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Most of the solar cookers used in the developing world are box type. The higher performance parabolic cookers are extensively used by households only in Tibet (mirror area about 2m²). Elsewhere, they are most often used in large configurations in schools and other community kitchens where big mirrors can be used to cook tens of litres of food at once (eg ULOG solar hybrid community kitchen with mirror area of about 7m²).

The price tags of the Chinese/Tibetan cookers exceed $100 and the ULOG cookers exceed $1000 and so are not affordable by ordinary people. This paper describes a design that can be fabricated by rural people with their existing skills. Its performance is not so good as the Chinese and ULOG models but is considerably better than box cookers which cost more because of the high cost of glass.

A working model has been made by rural, illiterate Nepalise women belonging to the untouchable caste. Participants for this project and a larger project including other types of solar cookers were chosen, based on their skills, by local women's committees set up with support from a Plants for Life (a Nepalese NGO) integrated rural development programme.

A local, skilled bamboo weaver wove two parabolic baskets about 1 m diameter each, ie 0.8m² using a metal former. A mixture of clay, cow dung, mustard oil cake and paddy husk was pasted on to the parabolic baskets and left to dry for a day. Next day, this was smoothed with fresh mustard oil cake and left for another day. On the third day the surface was polished with sandpaper, and aluminium, reflecting paper was glued on. (See figure 1)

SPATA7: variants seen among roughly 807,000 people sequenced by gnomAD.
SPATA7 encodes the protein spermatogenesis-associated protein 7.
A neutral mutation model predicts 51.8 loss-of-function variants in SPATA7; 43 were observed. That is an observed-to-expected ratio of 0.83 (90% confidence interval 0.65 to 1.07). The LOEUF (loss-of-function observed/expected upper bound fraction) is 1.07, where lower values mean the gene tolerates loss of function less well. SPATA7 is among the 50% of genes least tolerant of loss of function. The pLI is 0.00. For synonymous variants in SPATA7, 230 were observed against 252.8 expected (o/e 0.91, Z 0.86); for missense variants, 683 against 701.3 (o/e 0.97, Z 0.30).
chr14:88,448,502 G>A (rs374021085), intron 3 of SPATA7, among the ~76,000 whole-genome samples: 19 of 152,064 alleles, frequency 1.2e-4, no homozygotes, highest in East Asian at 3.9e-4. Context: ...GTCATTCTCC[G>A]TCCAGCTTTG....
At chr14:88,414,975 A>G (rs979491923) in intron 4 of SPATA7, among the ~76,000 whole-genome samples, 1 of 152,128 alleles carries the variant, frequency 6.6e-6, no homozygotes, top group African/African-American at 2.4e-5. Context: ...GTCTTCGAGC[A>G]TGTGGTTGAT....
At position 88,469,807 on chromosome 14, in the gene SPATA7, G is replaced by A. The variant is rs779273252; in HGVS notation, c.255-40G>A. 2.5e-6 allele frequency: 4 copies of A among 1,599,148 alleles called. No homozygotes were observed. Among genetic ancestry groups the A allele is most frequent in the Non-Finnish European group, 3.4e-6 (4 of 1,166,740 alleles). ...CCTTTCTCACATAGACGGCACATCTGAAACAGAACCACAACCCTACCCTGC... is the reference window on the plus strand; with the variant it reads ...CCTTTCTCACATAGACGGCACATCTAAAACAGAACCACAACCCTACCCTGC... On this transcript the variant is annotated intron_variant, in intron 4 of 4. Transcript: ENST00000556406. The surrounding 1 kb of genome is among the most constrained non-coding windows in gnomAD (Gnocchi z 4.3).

A supporting frame was made with the help of a local carpenter using bamboo to hold the baskets and also to move them vertically from about 30 to 90 degrees. Using a mirror. the two reflecting baskets were focused on an oven plate and the cooking pot.

During cooking, adjustments were made every 12 to 15 minutes. Vertical adjustment was done by using a moving bamboo mechanism.

The material cost of the 60kg cooker was US$3 and labour for the prototype was 18 hours. Cooking time was 35 minutes for 0.5kg of rice and 40 minutes for 0.5 kg of potatoes.

This work was financed from FINNIDA NGO funds.
Last edited by Miriam Hansen .
Page last modified on Monday October 4, 2010 14:43:42 GMT.
  • A practitioner's journal on household energy, stoves and poverty reduction.



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